7. Mistreatment

If your Boxer is a rescue there may be experiences in his past that have made him fear certain situations or types of people. Be aware that a dog can be triggered unexpectedly. Tread gently until you’re fully familiar with your dog’s temperament, quirks and behavior in all situations.

8. Changes To The Household

Moving house, bringing home a new puppy or kitten or human baby. Divorce. Long absences of one owner. Any changes in routine. All these things can be stressful for a Boxer. Make changes slowly. Maintain a routine that’s as predictable as possible. Make sure your dog has a quiet, safe space to retreat to. Give him time to adjust to any major lifestyle shifts.

9. Poking And Prodding By Children

Though Boxers are known for being wonderful with kids, including babies, always supervise children and dogs of any breed. It’s as much about teaching the kids not to pull whiskers, tails or ears as it is about making sure your Boxer knows the children are above him in the family hierarchy.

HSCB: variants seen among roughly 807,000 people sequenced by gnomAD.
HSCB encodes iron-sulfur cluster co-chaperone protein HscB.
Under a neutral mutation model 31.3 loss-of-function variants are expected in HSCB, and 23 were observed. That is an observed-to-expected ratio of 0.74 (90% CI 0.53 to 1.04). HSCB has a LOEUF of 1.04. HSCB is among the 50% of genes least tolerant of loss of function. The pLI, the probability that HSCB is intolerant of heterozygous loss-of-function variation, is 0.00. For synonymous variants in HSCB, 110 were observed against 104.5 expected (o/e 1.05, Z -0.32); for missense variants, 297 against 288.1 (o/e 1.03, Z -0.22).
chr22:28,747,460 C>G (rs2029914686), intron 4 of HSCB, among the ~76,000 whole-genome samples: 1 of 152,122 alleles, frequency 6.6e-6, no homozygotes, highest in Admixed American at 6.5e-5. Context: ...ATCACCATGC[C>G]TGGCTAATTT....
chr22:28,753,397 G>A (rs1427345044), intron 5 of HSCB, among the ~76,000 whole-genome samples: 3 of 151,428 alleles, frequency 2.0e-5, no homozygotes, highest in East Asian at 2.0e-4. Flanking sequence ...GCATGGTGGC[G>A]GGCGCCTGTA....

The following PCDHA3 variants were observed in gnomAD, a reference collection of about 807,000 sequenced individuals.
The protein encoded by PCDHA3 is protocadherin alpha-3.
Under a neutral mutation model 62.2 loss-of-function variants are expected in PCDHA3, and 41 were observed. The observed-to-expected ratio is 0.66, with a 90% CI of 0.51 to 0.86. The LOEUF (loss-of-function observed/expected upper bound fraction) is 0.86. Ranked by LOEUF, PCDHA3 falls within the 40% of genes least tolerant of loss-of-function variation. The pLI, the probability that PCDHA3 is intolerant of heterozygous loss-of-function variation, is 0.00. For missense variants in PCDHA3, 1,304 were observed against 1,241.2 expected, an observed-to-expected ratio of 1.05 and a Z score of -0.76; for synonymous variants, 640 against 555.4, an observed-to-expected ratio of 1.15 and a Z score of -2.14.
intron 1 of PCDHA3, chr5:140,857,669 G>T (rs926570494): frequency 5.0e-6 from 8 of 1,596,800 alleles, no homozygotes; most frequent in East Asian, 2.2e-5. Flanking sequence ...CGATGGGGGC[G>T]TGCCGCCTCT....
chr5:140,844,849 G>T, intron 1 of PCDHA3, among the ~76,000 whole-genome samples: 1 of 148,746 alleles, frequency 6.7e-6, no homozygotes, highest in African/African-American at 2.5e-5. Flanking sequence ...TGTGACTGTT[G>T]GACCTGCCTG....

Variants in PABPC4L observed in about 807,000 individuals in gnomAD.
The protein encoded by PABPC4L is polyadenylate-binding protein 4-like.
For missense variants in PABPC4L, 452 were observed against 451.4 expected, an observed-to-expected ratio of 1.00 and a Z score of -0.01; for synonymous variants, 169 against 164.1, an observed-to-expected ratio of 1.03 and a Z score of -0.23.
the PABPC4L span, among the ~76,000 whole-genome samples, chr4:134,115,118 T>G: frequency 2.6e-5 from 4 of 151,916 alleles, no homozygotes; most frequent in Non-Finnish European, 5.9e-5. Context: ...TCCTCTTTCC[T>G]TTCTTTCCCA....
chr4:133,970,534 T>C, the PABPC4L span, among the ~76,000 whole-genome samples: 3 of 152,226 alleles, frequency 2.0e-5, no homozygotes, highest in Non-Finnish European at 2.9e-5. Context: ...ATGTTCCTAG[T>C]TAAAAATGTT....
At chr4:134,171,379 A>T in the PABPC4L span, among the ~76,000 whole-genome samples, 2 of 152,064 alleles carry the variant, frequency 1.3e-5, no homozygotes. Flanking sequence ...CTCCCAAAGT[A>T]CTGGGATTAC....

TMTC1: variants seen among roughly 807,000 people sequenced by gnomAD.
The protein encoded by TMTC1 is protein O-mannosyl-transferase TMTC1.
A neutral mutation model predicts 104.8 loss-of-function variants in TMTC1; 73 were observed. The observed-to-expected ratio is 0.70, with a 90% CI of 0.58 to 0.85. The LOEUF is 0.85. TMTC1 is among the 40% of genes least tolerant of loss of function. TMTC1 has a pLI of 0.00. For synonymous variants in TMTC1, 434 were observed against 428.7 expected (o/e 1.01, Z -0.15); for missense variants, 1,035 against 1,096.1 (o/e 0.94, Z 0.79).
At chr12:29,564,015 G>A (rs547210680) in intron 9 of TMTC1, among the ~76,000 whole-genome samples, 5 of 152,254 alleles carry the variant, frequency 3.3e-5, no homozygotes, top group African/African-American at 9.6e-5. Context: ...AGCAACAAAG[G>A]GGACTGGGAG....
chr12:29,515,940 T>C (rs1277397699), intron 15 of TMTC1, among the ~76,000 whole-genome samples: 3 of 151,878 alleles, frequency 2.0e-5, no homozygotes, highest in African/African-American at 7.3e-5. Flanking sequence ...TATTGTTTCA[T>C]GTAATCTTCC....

Remember, children can be rough. A growl or a raised lip might be the only way a Boxer has to ask them to stop. You don’t want it to come to that. Dogs can snap when surprised and both dogs and children can have lapses of judgment. Make sure you’re there to steer the ship.

10. Medication

Some drugs, like the steroid prednisone, are known to cause irritability, aggression and other psychiatric disturbances. The effects can be particularly pronounced at high doses or when given for prolonged periods. Understand this is beyond your dog’s control and make allowances to keep him safe.

Final Thoughts On Boxers As Guard Dogs

If you have a Boxer, chances are you have a clown that spends half the day lying on his back in the middle of the lounge room, legs splayed in the air.. playing for laughs.

But it’s not fair on your dog to overlook the Boxer’s background as a hunting and guard dog.

Responsible Boxer ownership means being aware of the traits associated with the breed, meeting your dog’s needs and shaping his behavior appropriately. Teach your Boxer how to be a trusted family member and a good canine citizen.

Proper socialization, training, and management will ensure you bring out the best in your Boxer and raise a calm, well-adjusted and gentle dog.

More Reading

How To Stop A Boxer Pulling On The Leash

Is My Boxer Overweight?